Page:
North Yorkshire County Council gives backing to anti-racism movement

North Yorkshire County Council is giving its backing to an anti-racism movement launched in West Yorkshire and Harrogate earlier this week.

Wednesday, 25th August 2021, 10:58 am

This follows a fresh countywide commitment to diversity, inclusion and equality for all made by county councillors at their most recent meeting.

Cllr Carl Les, Leader of North Yorkshire County Council, said: “Across our county and as a country, we are richer for the diversity of all kinds that we find in all our communities.

"Any racial discrimination or intolerance of any minority is just not acceptable.”

Carl Les, leader of North Yorkshire County Council.

The County Council backs nearly 500 organisations and community allies that have pledged support to the anti-racism movement begun by West Yorkshire and Harrogate Health and Care Partnership (WY&H HCP) and the West Yorkshire Violence Reduction Unit.

The movement, which comes out of a review by the health care partnership into the impact of Covid-19 on health inequalities, spotlights the experiences of ethnic minority staff and allies and illustrates their views and experiences of racism.

Evidence shows that people from ethnic minority backgrounds continue to face health inequalities and discrimination in their communities and workplace.

Cllr Les said: “We’re inspired by this campaign to share its messages across our county. It sits squarely with our own equality, diversity and inclusion policy.

"We all have our part to play to tackle racial discrimination of any kind and to let people know that racist attitudes and behaviour will not be tolerated.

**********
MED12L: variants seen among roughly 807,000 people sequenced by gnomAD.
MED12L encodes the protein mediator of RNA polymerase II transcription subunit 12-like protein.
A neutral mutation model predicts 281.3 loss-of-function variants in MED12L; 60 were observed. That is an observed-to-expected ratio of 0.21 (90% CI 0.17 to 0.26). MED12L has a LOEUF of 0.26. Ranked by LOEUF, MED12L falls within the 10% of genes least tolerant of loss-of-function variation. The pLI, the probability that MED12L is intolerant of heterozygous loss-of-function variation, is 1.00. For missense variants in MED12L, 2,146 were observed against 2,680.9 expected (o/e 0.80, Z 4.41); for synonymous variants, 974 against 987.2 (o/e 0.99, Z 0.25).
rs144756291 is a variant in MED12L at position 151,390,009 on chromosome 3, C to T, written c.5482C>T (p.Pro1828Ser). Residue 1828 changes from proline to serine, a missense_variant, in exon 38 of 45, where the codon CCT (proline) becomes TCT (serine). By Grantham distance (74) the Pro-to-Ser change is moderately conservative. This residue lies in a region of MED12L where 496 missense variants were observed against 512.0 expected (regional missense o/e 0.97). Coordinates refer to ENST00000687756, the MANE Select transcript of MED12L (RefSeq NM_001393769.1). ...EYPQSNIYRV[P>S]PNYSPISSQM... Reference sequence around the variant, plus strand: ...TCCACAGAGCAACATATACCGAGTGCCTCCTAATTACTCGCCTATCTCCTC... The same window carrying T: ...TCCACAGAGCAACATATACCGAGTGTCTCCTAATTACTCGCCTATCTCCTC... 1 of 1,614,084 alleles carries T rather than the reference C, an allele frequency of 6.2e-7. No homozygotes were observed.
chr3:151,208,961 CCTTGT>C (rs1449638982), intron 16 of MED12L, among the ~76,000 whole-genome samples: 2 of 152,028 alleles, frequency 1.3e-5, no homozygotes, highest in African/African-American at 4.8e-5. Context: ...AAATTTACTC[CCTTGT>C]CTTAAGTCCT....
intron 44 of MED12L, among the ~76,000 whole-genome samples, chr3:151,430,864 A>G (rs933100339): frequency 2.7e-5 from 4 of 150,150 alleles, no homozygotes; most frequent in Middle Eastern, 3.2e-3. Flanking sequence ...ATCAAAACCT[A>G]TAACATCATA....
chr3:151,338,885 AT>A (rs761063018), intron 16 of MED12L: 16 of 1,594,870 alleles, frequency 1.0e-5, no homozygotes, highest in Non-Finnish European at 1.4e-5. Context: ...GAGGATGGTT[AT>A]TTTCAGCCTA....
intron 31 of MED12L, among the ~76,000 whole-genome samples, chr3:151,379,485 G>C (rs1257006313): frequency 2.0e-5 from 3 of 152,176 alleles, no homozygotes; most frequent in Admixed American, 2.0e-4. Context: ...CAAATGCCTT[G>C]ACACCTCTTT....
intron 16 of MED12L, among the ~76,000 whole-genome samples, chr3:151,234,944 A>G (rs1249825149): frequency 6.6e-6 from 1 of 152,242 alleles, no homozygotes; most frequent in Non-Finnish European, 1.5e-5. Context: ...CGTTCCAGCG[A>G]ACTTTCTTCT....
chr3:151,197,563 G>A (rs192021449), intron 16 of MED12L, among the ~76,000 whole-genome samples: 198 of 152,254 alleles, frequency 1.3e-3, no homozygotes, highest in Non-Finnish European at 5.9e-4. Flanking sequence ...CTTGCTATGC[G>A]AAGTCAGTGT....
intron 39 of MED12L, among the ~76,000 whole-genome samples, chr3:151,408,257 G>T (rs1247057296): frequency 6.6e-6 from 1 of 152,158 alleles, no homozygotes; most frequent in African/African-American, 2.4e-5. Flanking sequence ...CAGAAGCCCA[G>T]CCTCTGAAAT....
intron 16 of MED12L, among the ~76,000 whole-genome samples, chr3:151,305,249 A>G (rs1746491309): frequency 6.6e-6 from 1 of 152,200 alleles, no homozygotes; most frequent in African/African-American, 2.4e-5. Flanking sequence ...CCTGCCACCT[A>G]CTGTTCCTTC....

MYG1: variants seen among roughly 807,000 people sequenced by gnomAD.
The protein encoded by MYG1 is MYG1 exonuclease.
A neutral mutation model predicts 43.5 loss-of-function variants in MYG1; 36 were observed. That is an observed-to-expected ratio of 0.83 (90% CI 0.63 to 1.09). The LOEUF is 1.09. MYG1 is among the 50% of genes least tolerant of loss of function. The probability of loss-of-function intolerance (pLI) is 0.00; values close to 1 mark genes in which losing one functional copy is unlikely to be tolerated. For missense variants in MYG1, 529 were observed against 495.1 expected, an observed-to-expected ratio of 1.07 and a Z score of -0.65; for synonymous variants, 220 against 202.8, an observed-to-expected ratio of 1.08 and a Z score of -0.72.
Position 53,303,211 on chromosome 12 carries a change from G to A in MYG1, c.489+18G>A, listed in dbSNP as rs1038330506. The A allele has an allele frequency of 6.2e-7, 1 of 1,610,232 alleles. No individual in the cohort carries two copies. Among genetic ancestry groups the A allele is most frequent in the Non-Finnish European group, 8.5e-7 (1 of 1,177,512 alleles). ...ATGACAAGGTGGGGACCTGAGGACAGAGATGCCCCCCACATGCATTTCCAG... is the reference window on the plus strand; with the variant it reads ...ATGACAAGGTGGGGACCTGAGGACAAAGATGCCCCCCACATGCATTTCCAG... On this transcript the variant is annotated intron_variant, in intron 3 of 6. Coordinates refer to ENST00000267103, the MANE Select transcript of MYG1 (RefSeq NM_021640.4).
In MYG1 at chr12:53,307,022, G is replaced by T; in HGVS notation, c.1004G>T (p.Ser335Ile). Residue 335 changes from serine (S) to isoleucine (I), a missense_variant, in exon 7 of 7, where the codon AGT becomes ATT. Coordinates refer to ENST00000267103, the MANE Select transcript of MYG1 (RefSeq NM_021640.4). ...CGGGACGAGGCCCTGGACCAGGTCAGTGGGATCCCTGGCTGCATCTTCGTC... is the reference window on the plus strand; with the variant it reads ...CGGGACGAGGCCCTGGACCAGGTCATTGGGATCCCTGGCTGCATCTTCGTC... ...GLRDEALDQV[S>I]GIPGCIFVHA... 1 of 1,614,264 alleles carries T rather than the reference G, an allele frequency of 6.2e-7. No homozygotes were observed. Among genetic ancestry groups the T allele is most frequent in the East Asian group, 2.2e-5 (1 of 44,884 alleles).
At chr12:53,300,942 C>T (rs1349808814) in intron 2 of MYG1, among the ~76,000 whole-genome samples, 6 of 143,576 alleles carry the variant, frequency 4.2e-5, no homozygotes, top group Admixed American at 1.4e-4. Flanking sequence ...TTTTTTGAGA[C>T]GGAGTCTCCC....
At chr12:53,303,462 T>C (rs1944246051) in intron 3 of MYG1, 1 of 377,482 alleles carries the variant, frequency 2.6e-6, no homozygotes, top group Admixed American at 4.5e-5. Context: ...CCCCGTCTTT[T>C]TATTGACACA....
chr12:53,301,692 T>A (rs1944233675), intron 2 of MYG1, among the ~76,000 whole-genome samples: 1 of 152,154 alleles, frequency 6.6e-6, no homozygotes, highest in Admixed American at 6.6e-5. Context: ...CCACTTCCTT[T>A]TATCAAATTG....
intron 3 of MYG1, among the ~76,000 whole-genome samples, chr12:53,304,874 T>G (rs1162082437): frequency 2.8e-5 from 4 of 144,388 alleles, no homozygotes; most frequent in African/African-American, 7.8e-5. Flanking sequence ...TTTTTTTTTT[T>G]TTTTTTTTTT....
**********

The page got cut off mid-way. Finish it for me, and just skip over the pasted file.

"At our last quarterly council meeting we reaffirmed our commitment as one of the largest employers in the county and one of the main providers of local services, to providing equality of opportunity and tackling discrimination, harassment, intimidation and disadvantage.

"We are also committed to achieving the highest standards in service delivery, decision-making and employment practice.

“We will treat people fairly wherever they live and make sure they get the services they need.

"There are other factors that affect people’s lives.

"Examples include income, education, unpaid care responsibilities and occupation.

"We will work to deliver the best possible outcomes for all our communities and citizens.

“Our aim is to create an inclusive culture with a sense of belonging for everyone and to support the development of places and situations where everyone is treated fairly no matter what their background and where people are empowered and have the confidence to play active roles in their communities.”

Other movement supporters include NHS organisations, councils, West Yorkshire Police, Healthwatch, hospices, universities, housing associations, unions, and the voluntary community social enterprise sector.

The movement is part of an ongoing commitment to tackle structural and institutionalised racism, as well as addressing health and social inequalities across the area.

You can register at http://ow.ly/lWB250FBmYt to join the movement.

Visit https://www.wyhpartnership.co.uk/rootoutracism or follow twitter at WYHRootOutRacism to find out more